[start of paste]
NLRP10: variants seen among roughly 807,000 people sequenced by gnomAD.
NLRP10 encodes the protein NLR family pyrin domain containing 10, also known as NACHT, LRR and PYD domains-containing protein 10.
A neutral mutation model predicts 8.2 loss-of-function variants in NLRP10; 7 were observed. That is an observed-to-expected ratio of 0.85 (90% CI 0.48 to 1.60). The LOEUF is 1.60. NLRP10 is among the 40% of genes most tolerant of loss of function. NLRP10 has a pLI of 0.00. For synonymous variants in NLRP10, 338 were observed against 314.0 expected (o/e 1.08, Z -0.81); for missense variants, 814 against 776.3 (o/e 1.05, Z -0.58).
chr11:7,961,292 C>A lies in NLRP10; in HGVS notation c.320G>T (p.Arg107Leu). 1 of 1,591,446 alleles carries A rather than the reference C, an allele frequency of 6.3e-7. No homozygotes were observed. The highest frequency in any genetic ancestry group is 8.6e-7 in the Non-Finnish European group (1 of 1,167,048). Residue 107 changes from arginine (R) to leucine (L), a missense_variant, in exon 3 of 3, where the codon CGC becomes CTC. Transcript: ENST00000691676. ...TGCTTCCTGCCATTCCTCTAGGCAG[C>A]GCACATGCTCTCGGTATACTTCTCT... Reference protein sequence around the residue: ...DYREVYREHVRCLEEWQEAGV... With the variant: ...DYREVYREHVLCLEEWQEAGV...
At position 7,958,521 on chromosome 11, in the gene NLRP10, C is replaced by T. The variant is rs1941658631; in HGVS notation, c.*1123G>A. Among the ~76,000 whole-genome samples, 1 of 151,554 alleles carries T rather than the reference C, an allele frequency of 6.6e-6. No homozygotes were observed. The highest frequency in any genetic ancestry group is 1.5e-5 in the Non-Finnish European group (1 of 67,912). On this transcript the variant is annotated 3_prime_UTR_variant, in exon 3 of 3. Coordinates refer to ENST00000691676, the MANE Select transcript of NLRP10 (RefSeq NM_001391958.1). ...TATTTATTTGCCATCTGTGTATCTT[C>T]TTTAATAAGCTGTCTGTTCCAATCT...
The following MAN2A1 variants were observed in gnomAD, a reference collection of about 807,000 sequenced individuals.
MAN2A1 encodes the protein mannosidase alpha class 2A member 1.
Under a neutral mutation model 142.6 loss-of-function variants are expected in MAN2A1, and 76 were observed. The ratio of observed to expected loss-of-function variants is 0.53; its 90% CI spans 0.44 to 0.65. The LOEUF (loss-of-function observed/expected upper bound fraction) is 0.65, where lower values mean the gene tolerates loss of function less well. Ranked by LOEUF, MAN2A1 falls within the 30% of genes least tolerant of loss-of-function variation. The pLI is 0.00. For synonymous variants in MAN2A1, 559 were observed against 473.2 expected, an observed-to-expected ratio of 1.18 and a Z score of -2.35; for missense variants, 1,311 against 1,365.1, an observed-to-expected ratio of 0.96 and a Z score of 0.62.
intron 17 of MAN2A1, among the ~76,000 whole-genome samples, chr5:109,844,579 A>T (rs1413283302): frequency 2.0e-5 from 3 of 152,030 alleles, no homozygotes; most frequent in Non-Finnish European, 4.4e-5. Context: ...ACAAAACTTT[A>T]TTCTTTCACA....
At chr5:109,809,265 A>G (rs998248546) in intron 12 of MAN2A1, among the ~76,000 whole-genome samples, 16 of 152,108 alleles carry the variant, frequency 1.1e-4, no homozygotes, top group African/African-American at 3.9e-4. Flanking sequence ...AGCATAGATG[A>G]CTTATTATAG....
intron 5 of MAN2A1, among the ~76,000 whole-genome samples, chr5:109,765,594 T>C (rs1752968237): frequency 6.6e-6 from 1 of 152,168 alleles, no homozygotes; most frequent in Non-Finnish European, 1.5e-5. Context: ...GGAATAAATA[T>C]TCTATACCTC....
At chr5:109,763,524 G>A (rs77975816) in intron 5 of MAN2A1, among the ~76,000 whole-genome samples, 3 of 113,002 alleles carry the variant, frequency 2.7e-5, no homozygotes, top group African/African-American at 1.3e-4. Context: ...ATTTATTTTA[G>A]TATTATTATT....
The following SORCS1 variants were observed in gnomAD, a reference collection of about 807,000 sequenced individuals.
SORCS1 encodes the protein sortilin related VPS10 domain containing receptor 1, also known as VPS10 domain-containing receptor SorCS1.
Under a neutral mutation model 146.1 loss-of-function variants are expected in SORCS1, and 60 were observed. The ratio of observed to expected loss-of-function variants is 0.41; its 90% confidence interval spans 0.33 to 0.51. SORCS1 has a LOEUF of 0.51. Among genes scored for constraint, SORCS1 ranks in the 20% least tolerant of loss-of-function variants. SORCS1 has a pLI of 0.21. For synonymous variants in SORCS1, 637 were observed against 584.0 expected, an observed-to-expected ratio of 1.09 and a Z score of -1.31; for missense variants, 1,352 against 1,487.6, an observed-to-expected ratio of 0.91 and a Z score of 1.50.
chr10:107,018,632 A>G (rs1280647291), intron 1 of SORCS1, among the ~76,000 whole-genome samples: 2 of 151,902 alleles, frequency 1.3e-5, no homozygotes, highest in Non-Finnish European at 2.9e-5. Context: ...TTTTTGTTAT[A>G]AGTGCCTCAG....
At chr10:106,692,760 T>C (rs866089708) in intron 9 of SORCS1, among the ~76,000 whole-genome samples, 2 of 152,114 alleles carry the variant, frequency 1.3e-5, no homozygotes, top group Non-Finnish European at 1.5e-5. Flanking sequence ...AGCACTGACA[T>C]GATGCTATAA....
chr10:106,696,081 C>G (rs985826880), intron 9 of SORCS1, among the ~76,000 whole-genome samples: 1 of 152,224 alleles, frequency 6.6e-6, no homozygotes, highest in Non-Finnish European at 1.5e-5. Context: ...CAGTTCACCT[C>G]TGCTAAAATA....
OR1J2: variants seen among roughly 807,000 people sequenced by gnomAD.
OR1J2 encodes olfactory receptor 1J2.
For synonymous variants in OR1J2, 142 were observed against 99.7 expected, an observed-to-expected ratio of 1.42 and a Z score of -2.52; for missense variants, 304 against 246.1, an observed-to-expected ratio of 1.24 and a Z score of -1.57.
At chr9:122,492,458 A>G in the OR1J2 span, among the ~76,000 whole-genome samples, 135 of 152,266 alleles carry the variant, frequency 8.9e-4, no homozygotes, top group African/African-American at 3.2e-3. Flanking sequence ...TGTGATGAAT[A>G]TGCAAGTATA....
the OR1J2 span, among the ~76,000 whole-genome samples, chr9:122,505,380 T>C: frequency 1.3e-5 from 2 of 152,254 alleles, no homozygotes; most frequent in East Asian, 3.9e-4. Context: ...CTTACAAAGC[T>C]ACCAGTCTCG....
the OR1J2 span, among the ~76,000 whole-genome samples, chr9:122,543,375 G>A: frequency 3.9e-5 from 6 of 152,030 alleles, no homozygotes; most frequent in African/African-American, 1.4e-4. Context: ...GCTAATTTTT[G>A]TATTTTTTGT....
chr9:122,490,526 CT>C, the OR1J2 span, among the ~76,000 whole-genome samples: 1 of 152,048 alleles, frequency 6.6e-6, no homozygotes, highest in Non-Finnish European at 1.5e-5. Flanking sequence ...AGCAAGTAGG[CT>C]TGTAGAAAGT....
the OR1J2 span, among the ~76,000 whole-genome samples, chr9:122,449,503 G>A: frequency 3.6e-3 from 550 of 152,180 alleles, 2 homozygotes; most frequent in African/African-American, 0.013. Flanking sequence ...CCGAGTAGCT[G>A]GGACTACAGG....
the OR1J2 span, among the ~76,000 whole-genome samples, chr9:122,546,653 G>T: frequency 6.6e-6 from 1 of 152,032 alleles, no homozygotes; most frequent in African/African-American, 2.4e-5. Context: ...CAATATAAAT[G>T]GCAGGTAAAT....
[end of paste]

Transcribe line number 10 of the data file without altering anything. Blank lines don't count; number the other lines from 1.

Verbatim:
At chr5:109,809,265 A>G (rs998248546) in intron 12 of MAN2A1, among the ~76,000 whole-genome samples, 16 of 152,108 alleles carry the variant, frequency 1.1e-4, no homozygotes, top group African/African-American at 3.9e-4. Flanking sequence ...AGCATAGATG[A>G]CTTATTATAG....